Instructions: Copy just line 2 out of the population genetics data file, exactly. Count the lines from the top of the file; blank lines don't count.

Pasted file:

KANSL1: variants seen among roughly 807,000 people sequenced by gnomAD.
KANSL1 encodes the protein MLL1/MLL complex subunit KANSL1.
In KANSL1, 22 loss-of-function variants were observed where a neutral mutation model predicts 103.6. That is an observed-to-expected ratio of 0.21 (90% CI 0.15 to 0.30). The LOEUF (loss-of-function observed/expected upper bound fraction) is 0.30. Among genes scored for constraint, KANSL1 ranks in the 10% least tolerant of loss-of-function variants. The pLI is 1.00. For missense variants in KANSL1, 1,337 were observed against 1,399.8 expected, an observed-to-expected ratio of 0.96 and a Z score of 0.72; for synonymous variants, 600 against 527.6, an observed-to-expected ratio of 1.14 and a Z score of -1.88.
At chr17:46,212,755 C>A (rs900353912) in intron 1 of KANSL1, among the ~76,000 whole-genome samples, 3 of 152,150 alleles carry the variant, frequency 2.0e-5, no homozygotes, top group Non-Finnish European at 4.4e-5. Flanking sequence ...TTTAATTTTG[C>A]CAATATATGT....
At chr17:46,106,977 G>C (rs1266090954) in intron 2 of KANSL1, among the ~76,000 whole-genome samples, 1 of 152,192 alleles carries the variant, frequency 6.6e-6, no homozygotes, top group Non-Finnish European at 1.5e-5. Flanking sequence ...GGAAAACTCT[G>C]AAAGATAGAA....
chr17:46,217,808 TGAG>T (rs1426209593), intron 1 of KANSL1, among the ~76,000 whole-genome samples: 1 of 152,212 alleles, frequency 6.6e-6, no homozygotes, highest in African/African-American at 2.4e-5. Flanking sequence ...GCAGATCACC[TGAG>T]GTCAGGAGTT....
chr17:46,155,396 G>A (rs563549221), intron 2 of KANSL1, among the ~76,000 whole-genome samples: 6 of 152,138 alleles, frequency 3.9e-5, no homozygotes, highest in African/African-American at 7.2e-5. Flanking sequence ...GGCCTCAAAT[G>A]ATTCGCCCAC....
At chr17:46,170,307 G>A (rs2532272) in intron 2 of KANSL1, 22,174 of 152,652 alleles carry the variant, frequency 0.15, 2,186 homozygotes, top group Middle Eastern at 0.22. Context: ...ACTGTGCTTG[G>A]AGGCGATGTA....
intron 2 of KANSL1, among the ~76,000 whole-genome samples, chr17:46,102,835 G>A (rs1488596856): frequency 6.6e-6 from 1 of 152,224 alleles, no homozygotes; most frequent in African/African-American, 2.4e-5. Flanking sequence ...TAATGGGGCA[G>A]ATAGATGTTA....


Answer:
KANSL1 encodes the protein MLL1/MLL complex subunit KANSL1.